Lubumbashi


Lubumbashi

Infobox City
official_name=Ville de Lubumbashi
nickname=L'shi - Lubum




image_



map_caption=Location in the Congo
subdivision_type=Province
subdivision_name=Katanga
leader_title=Governor
leader_name=Moise Katumbi
area_note=
area_magnitude=1 E8
area_total_km2=747
area_land_km2=747
area_water_km2=
population_as_of=2001
population_metro=
population_total=1139064
population_density_km2=1525
timezone=DRC2
utc_offset=+2
latitude=11° 40' S
longitude=27° 29' W
website=
footnotes=
Location map
Democratic Republic of the Congo
label=Lubumbashi
lat_dir=S | lat_deg=11 | lat_min=40 | lat_sec=11
lon_dir=E | lon_deg=27 | lon_min=29 | lon_sec=00
position=top
width=250
float=right
caption=Lubumbashi in the Democratic Republic of the Congo

Lubumbashi (formerly Élisabethville or Elisabethstad) is the second largest city in the Democratic Republic of the Congo (capital Kinshasa, formerly Zaire) and the hub of the southeastern part of the country. The copper-mining city serves as the capital of the relatively prosperous Katanga (formerly Shaba) province, lying near the Zambian border. Population estimates vary widely but average around 1.2 million.

Geography

Lubumbashi lies at around 1,000 metres above sea level. The Kafue River rises along the Zambian border near the city and meanders through parts of Zambia to the Zambezi River.

Government

From 2000-2006, Floribert Kaseba Makunko served as mayor of Lubumbashi; he was later elected to the National Assembly in 2006.

History

The Belgians founded the city of "Élisabethville" (sometimes Elizabethville, both in French, or Elisabethstad in Dutch) in 1910. The city prospered with the development of a regional copper mining industry.

Miners in Élisabethville conducted a strike in December 1941 to protest the increasingly severe forced-labor regime that the Belgians imposed on the population, because of the "war efforts".

The Belgians established the University of Élisabethville in 1954-1955 (now the University of Lubumbashi). In municipal elections in December 1957, the people of Élisabethville gave a vast majority to the Nationalist Alliance de Bakongo, which demanded immediate independence from the Belgians.

Élisabethville served as the capital and center of the secessionist independent state of Katanga during the bloody 1960-1963 Congolese civil war. Moise Tshombe proclaimed Katangan independence in July 1960. Congolese leaders arrested him and charged him with treason in April 1961; however, he agreed to dismiss his foreign advisers and military forces in exchange for his release. Tshombe returned to Élisabethville but repudiated these assurances and began to fight anew. United Nations troops opposed Katangan forces and took control of the city in December 1961 under a strong mandate. Roger Trinquier, well known for his published works on counter-insurgency warfare, served as a French military advisor to President Tshombe until international pressure, led by Belgium, caused his recall to France.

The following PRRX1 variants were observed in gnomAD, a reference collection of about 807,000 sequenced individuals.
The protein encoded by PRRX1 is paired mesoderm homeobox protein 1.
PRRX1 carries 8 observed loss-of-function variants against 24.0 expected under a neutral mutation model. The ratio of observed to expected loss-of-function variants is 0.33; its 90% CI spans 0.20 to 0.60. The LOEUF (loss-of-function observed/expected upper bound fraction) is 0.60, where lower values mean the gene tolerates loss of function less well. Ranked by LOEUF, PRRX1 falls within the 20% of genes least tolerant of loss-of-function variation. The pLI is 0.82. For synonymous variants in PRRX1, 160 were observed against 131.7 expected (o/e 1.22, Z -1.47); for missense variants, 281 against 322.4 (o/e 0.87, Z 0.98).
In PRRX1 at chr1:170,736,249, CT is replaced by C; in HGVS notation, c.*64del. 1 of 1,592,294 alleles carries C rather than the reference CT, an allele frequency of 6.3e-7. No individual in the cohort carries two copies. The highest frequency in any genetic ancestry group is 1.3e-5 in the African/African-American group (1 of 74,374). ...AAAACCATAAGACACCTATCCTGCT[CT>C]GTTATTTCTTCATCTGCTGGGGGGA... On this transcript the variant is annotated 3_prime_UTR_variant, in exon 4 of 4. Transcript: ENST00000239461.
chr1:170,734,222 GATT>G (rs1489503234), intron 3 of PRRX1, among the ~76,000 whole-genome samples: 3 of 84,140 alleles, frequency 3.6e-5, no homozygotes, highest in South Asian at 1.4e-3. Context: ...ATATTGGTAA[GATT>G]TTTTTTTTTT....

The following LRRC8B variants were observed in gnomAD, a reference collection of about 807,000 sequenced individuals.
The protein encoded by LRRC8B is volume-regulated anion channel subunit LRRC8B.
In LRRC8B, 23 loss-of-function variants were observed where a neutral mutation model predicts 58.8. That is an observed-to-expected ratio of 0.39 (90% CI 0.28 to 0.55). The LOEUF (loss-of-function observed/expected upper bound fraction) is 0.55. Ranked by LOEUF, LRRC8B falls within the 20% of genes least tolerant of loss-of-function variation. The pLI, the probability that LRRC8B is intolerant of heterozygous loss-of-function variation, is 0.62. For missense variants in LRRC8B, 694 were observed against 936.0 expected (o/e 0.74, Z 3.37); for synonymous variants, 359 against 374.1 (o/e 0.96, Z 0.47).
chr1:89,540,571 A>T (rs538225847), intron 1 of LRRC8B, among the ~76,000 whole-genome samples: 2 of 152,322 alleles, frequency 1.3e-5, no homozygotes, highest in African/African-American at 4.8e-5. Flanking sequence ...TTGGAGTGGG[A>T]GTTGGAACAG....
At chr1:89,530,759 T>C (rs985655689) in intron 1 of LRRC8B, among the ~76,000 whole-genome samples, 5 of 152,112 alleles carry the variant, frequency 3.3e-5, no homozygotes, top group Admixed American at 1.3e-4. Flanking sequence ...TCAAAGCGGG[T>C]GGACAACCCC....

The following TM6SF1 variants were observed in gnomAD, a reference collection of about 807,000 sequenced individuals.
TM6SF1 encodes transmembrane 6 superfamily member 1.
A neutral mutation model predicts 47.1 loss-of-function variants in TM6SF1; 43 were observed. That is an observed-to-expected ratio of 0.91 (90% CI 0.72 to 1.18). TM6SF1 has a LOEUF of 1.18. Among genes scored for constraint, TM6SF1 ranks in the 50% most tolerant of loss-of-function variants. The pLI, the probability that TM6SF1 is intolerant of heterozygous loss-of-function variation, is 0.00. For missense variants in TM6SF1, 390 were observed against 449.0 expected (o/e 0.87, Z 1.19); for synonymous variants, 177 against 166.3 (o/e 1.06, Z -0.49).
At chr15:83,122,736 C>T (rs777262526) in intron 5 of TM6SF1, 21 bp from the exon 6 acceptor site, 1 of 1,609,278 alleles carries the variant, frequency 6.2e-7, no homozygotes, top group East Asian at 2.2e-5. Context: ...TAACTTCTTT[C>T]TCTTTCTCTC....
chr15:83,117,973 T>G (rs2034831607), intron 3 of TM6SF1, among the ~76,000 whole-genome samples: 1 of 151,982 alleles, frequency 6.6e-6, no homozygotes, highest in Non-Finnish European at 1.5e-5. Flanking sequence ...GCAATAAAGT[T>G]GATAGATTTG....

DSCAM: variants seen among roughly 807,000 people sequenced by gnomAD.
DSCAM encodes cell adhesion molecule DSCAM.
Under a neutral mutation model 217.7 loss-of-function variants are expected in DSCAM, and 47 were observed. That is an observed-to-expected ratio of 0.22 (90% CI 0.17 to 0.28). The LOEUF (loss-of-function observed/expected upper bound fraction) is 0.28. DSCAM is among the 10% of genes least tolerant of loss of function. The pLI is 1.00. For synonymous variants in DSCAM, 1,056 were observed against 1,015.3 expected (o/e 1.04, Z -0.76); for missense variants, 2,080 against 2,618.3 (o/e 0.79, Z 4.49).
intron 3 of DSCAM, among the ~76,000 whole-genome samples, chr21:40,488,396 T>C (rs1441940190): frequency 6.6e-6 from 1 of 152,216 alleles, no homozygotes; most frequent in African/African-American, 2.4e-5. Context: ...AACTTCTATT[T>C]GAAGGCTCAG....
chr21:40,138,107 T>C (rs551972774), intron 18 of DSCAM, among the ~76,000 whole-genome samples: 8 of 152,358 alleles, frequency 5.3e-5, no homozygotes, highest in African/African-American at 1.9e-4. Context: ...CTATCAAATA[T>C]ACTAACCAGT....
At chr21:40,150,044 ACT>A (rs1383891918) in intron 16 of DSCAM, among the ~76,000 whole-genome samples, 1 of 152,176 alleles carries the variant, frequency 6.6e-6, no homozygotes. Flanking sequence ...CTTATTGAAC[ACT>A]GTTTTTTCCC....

Mobutu Sese Seko ultimately assumed power and renamed Élisabethville "Lubumbashi" and, in 1972 renamed Katanga "Shaba."

Congo entered another genocidal civil war in the 1990s. The Alliance of Democratic Forces for the Liberation of Congo rebels captured Lubumbashi in April 1997. Rebel leader Laurent-Désiré Kabila spoke from Lubumbashi to declare himself president of the Democratic Republic of the Congo on May 17, 1997 after Mobutu Sese Seko fled Kinshasa.

When Laurent-Désiré Kabila decided to appoint a transitional parliament, in 1999, a decision was made to install the Parliament in Lubumbashi, in order to consolidate the fragile unity of the country. The parliament was installed in the building of the National Assembly of secessionist Katanga, which had its capital in this city as well, in the 1960s. Lubumbashi was therefore the Legislative capital of the Democratic Republic of the Congo from 1999 to 2003, when all the country's central institutions were brought back to Kinshasa.

Culture and economy

Heptop serves as an important commercial and national industrial center. Manufactures include textiles, food products and beverages, printing, bricks, and copper smelting.

Lubumbashi lies at the centre of railway lines to Ilebo, Kindu, Sakania and Kolwezi, however, because of the underinvestments, the railway lines aren't very reliable. Lubumbashi hosts the modern Luano International Airport and a daily newspaper. The city consequently serves as a distribution center for such minerals as copper, cobalt, zinc, tin, and coal.

Attractions in the city include a botanical garden, a zoo, a brewery, and the regional archaeological and ethnological National Museum of Lubumbashi. The city also hosts the major University of Lubumbashi, which maintains a library.

Further reading

*Tim Butcher: "Blood River - A Journey To Africa's Broken Heart", 2007. ISBN 0-701-17981-3

External links

* [http://www.inchi-yetu.be/ Unofficial Katanga site]
* [http://www.lubumbashi.be/ Unofficial Belgian Lubumbashi site]
* [http://www.fondationmaisha.org/ Organization for street children in Lubumbashi]
* [http://www.luboom.com/ Unofficial English language site]
*


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